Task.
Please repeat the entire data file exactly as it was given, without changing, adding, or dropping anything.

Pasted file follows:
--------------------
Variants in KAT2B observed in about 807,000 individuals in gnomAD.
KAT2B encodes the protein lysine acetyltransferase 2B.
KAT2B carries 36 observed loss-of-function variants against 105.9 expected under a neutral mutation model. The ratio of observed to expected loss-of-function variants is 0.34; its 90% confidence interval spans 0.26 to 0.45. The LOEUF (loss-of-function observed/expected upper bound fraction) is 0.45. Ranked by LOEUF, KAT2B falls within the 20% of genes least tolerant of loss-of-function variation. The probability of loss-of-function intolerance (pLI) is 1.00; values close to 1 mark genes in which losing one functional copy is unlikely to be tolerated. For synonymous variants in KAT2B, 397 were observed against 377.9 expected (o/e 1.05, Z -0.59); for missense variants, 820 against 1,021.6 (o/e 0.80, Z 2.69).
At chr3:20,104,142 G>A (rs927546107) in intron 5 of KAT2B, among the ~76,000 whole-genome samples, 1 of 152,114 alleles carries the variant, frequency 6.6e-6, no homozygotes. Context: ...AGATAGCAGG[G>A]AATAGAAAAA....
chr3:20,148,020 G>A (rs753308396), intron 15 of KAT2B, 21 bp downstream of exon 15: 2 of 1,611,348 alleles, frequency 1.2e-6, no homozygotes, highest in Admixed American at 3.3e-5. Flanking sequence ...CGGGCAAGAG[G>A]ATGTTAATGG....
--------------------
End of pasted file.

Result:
Variants in KAT2B observed in about 807,000 individuals in gnomAD.
KAT2B encodes the protein lysine acetyltransferase 2B.
KAT2B carries 36 observed loss-of-function variants against 105.9 expected under a neutral mutation model. The ratio of observed to expected loss-of-function variants is 0.34; its 90% confidence interval spans 0.26 to 0.45. The LOEUF (loss-of-function observed/expected upper bound fraction) is 0.45. Ranked by LOEUF, KAT2B falls within the 20% of genes least tolerant of loss-of-function variation. The probability of loss-of-function intolerance (pLI) is 1.00; values close to 1 mark genes in which losing one functional copy is unlikely to be tolerated. For synonymous variants in KAT2B, 397 were observed against 377.9 expected (o/e 1.05, Z -0.59); for missense variants, 820 against 1,021.6 (o/e 0.80, Z 2.69).
At chr3:20,104,142 G>A (rs927546107) in intron 5 of KAT2B, among the ~76,000 whole-genome samples, 1 of 152,114 alleles carries the variant, frequency 6.6e-6, no homozygotes. Context: ...AGATAGCAGG[G>A]AATAGAAAAA....
chr3:20,148,020 G>A (rs753308396), intron 15 of KAT2B, 21 bp downstream of exon 15: 2 of 1,611,348 alleles, frequency 1.2e-6, no homozygotes, highest in Admixed American at 3.3e-5. Flanking sequence ...CGGGCAAGAG[G>A]ATGTTAATGG....